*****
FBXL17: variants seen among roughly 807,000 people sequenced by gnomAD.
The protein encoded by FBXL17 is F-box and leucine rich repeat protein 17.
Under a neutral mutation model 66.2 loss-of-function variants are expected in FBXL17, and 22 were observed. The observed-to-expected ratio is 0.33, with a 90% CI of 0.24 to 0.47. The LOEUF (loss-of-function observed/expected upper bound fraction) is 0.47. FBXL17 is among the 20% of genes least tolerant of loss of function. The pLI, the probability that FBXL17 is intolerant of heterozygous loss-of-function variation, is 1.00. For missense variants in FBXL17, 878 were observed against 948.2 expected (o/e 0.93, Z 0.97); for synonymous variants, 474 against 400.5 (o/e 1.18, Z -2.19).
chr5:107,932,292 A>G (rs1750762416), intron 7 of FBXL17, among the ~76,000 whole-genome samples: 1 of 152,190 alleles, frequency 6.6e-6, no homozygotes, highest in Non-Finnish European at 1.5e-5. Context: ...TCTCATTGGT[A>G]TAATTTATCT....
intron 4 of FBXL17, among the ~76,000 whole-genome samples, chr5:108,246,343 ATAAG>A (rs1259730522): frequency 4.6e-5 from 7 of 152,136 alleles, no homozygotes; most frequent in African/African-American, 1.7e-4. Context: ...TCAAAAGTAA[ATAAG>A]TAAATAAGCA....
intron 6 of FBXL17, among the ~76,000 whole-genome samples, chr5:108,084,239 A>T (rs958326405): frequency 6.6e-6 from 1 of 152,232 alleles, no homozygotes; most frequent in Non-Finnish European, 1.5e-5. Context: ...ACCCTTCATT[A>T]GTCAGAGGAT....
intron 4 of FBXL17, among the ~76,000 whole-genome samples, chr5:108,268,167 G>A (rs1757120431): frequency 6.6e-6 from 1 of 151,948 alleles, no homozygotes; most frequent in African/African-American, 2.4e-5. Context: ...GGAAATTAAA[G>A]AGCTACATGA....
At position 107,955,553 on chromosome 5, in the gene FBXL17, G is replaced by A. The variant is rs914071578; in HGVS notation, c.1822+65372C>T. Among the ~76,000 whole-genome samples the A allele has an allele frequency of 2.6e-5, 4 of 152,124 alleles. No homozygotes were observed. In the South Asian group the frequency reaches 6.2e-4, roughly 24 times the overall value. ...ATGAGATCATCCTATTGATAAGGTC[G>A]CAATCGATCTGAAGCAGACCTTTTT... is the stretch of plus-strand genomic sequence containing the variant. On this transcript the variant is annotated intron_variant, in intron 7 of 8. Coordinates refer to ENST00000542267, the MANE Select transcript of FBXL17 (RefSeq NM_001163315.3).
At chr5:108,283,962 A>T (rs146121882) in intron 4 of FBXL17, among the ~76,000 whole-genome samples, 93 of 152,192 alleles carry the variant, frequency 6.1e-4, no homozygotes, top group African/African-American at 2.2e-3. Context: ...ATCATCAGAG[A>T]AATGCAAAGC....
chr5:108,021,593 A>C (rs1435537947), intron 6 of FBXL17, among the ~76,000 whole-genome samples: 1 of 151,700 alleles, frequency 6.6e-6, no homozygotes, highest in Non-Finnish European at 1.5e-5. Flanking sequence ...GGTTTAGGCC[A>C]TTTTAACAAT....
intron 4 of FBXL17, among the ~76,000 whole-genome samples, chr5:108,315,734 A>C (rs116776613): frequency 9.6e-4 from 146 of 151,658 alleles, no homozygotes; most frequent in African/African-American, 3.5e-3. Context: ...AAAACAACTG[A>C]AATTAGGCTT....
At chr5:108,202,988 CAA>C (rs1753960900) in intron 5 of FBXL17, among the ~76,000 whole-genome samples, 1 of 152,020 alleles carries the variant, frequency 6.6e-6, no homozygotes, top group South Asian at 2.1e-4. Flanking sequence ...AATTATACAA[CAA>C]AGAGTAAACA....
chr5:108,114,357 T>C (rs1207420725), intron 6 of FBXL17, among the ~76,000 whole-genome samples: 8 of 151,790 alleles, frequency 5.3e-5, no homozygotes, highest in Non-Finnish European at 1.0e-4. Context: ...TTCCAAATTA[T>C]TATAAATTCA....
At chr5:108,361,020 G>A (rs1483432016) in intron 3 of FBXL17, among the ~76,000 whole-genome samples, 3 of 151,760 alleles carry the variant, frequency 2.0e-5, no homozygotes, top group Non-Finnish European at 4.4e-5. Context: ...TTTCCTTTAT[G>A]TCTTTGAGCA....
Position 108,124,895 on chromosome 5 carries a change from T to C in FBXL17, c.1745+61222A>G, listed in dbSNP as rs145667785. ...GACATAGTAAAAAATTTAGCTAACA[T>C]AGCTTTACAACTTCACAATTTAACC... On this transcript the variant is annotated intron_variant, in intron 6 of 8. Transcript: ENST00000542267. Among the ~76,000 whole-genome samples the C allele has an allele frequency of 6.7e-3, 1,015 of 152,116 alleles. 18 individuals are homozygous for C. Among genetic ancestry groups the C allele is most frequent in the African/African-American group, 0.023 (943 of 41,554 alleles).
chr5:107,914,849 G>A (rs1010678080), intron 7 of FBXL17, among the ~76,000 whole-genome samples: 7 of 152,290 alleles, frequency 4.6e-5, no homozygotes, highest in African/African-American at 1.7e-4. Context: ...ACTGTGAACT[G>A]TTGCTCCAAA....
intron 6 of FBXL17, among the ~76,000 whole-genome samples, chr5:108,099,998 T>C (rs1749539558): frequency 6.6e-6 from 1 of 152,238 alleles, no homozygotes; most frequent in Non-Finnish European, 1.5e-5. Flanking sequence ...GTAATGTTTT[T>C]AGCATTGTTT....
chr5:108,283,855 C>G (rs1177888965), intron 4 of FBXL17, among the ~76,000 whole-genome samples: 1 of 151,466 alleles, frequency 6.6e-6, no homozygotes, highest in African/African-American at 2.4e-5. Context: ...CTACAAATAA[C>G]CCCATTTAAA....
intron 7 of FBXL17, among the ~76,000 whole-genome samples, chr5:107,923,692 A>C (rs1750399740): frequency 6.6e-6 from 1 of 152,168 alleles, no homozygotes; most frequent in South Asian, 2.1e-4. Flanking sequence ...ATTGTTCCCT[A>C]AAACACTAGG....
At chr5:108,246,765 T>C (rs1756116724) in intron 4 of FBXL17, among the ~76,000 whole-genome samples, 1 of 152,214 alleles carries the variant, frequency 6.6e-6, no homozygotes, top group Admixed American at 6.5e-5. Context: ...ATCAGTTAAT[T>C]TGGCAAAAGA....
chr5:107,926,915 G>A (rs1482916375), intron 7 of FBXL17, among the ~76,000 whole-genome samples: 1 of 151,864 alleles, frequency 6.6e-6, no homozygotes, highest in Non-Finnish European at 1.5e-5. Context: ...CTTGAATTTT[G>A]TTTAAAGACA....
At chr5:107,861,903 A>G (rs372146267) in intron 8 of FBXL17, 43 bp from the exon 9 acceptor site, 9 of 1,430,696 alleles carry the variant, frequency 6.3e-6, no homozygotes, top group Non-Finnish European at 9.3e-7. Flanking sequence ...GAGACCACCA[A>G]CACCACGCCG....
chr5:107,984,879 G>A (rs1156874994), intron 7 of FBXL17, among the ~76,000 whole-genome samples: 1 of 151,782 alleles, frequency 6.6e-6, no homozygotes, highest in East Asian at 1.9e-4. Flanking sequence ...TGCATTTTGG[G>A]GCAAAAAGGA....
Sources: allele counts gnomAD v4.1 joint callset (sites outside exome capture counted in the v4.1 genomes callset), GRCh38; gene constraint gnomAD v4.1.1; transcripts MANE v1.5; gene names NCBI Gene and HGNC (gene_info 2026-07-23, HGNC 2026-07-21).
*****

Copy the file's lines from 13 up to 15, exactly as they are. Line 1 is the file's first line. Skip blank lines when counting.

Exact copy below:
chr5:108,114,357 T>C (rs1207420725), intron 6 of FBXL17, among the ~76,000 whole-genome samples: 8 of 151,790 alleles, frequency 5.3e-5, no homozygotes, highest in Non-Finnish European at 1.0e-4. Context: ...TTCCAAATTA[T>C]TATAAATTCA....
At chr5:108,361,020 G>A (rs1483432016) in intron 3 of FBXL17, among the ~76,000 whole-genome samples, 3 of 151,760 alleles carry the variant, frequency 2.0e-5, no homozygotes, top group Non-Finnish European at 4.4e-5. Context: ...TTTCCTTTAT[G>A]TCTTTGAGCA....
Position 108,124,895 on chromosome 5 carries a change from T to C in FBXL17, c.1745+61222A>G, listed in dbSNP as rs145667785. ...GACATAGTAAAAAATTTAGCTAACA[T>C]AGCTTTACAACTTCACAATTTAACC... On this transcript the variant is annotated intron_variant, in intron 6 of 8. Transcript: ENST00000542267. Among the ~76,000 whole-genome samples the C allele has an allele frequency of 6.7e-3, 1,015 of 152,116 alleles. 18 individuals are homozygous for C. Among genetic ancestry groups the C allele is most frequent in the African/African-American group, 0.023 (943 of 41,554 alleles).